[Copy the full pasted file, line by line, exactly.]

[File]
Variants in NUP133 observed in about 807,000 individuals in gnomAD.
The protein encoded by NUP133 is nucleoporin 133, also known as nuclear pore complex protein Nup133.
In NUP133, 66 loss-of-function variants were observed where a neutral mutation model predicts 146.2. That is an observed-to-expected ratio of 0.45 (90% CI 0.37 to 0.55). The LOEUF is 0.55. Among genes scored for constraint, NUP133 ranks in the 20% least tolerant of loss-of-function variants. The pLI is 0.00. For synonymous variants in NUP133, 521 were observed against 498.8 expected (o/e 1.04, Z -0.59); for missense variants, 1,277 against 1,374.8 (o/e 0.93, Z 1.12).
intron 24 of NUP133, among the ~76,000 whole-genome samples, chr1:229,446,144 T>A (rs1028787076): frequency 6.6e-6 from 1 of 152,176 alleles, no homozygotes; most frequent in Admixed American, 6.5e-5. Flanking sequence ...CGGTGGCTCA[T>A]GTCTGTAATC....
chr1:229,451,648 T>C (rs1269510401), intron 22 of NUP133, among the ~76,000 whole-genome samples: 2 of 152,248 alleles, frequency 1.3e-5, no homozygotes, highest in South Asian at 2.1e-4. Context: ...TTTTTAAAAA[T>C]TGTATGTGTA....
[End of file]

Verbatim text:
Variants in NUP133 observed in about 807,000 individuals in gnomAD.
The protein encoded by NUP133 is nucleoporin 133, also known as nuclear pore complex protein Nup133.
In NUP133, 66 loss-of-function variants were observed where a neutral mutation model predicts 146.2. That is an observed-to-expected ratio of 0.45 (90% CI 0.37 to 0.55). The LOEUF is 0.55. Among genes scored for constraint, NUP133 ranks in the 20% least tolerant of loss-of-function variants. The pLI is 0.00. For synonymous variants in NUP133, 521 were observed against 498.8 expected (o/e 1.04, Z -0.59); for missense variants, 1,277 against 1,374.8 (o/e 0.93, Z 1.12).
intron 24 of NUP133, among the ~76,000 whole-genome samples, chr1:229,446,144 T>A (rs1028787076): frequency 6.6e-6 from 1 of 152,176 alleles, no homozygotes; most frequent in Admixed American, 6.5e-5. Flanking sequence ...CGGTGGCTCA[T>A]GTCTGTAATC....
chr1:229,451,648 T>C (rs1269510401), intron 22 of NUP133, among the ~76,000 whole-genome samples: 2 of 152,248 alleles, frequency 1.3e-5, no homozygotes, highest in South Asian at 2.1e-4. Context: ...TTTTTAAAAA[T>C]TGTATGTGTA....